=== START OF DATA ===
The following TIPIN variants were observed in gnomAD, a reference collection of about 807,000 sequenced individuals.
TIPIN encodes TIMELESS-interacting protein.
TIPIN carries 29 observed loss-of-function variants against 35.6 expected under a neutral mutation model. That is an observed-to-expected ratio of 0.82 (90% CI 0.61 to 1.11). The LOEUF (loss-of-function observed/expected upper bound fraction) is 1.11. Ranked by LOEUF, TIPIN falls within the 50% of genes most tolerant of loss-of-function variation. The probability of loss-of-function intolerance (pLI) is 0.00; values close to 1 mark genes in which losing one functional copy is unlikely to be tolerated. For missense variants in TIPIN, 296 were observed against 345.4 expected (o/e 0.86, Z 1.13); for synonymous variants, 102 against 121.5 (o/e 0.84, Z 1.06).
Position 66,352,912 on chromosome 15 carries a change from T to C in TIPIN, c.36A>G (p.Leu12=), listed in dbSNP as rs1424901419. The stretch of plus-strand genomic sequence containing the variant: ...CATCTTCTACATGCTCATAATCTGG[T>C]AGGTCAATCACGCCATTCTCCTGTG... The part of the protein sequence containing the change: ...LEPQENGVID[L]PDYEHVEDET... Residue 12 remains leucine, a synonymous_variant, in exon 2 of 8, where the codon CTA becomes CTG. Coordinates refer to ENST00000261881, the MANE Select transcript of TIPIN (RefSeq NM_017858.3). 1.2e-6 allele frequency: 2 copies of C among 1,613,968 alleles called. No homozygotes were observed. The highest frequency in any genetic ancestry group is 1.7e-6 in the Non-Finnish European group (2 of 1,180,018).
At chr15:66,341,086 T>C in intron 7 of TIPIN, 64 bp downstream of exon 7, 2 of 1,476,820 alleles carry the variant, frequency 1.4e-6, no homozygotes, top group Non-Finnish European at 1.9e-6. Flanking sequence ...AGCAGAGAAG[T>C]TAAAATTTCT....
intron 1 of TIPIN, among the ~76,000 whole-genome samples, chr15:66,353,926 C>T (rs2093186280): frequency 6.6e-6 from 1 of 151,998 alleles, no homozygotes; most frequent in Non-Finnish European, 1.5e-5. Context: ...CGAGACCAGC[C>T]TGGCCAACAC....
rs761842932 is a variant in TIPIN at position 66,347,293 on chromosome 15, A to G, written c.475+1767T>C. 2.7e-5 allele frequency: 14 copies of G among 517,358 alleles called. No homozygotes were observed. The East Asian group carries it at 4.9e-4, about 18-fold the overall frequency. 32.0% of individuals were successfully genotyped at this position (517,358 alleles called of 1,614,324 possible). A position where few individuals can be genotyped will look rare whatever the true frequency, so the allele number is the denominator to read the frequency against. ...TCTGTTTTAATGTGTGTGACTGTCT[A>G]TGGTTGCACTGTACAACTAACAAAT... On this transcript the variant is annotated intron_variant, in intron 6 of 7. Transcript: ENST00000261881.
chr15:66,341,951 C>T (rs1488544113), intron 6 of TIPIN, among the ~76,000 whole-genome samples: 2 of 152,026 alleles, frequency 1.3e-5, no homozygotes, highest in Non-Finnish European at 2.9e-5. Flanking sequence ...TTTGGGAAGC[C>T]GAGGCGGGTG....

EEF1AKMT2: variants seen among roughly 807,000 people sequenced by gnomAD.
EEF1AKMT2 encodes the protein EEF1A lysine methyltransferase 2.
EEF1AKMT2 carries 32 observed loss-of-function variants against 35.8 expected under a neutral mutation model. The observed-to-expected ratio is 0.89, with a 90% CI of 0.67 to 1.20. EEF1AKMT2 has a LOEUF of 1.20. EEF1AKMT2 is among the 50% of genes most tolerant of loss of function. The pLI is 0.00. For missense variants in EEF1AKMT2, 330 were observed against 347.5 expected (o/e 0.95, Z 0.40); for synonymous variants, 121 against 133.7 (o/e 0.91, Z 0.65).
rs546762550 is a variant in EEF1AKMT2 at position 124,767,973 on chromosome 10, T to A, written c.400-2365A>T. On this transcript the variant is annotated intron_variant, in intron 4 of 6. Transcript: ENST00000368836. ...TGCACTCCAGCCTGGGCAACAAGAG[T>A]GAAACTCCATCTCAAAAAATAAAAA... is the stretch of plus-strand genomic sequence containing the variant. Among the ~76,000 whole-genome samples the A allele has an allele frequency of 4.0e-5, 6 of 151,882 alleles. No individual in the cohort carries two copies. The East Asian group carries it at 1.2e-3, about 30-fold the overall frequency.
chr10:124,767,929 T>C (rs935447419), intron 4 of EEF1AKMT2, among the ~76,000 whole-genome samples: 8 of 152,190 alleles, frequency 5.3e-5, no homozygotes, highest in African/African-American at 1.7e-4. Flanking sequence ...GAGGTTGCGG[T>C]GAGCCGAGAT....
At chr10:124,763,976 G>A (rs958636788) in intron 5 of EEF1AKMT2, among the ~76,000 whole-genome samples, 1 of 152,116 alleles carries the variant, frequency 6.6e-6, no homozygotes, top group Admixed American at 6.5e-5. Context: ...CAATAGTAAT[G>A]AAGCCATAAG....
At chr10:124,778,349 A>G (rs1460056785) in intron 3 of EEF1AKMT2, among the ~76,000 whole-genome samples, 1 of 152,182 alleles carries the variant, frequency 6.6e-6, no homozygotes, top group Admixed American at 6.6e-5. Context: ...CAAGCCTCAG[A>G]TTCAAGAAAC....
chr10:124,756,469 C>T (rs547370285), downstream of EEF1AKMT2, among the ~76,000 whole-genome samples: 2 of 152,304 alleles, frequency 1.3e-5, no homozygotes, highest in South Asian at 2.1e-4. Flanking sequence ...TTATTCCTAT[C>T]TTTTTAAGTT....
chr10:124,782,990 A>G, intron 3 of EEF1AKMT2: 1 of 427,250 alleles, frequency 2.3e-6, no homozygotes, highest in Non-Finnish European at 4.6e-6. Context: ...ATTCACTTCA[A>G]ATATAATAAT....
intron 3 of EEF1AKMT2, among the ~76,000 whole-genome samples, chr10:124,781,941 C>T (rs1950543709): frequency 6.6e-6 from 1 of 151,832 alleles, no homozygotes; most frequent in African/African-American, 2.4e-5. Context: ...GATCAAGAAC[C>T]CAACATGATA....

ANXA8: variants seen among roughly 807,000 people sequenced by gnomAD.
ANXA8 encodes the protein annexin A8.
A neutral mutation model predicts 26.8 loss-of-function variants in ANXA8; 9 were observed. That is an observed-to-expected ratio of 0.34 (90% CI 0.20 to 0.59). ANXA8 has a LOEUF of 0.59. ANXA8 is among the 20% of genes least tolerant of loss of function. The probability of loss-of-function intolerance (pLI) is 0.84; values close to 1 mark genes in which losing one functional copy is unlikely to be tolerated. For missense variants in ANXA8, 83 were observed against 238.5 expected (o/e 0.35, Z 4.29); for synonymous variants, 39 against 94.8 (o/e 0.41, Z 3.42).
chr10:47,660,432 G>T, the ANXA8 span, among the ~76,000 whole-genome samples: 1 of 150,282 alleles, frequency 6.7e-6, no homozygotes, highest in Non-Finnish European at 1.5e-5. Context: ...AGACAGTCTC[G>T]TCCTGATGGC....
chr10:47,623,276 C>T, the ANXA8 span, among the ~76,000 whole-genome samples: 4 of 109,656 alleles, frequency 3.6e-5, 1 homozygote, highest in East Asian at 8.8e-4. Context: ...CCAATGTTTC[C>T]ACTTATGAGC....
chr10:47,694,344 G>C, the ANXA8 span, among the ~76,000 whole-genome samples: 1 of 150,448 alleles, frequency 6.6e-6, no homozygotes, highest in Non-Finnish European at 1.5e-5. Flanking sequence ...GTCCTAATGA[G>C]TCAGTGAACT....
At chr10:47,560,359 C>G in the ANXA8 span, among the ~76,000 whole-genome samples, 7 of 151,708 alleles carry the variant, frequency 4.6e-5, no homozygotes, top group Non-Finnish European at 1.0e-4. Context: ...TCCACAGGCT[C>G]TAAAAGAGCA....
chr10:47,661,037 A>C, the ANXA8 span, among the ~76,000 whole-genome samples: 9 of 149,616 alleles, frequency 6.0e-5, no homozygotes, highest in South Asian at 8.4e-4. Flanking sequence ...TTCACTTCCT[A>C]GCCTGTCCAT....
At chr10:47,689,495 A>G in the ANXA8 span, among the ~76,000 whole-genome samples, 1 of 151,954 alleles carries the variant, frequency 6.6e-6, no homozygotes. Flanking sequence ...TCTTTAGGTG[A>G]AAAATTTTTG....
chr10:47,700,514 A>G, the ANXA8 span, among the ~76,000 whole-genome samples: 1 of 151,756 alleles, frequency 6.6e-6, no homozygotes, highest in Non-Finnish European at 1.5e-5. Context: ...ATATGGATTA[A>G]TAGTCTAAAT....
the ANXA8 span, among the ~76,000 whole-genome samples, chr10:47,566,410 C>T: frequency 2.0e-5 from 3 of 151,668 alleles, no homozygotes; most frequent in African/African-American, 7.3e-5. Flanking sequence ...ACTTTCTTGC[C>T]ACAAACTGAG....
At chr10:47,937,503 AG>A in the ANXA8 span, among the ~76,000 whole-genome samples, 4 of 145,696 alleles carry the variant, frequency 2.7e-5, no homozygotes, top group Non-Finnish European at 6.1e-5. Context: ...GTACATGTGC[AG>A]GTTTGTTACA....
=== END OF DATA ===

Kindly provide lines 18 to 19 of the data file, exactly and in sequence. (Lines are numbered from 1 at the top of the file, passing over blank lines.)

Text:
intron 3 of EEF1AKMT2, among the ~76,000 whole-genome samples, chr10:124,781,941 C>T (rs1950543709): frequency 6.6e-6 from 1 of 151,832 alleles, no homozygotes; most frequent in African/African-American, 2.4e-5. Context: ...GATCAAGAAC[C>T]CAACATGATA....

ANXA8: variants seen among roughly 807,000 people sequenced by gnomAD.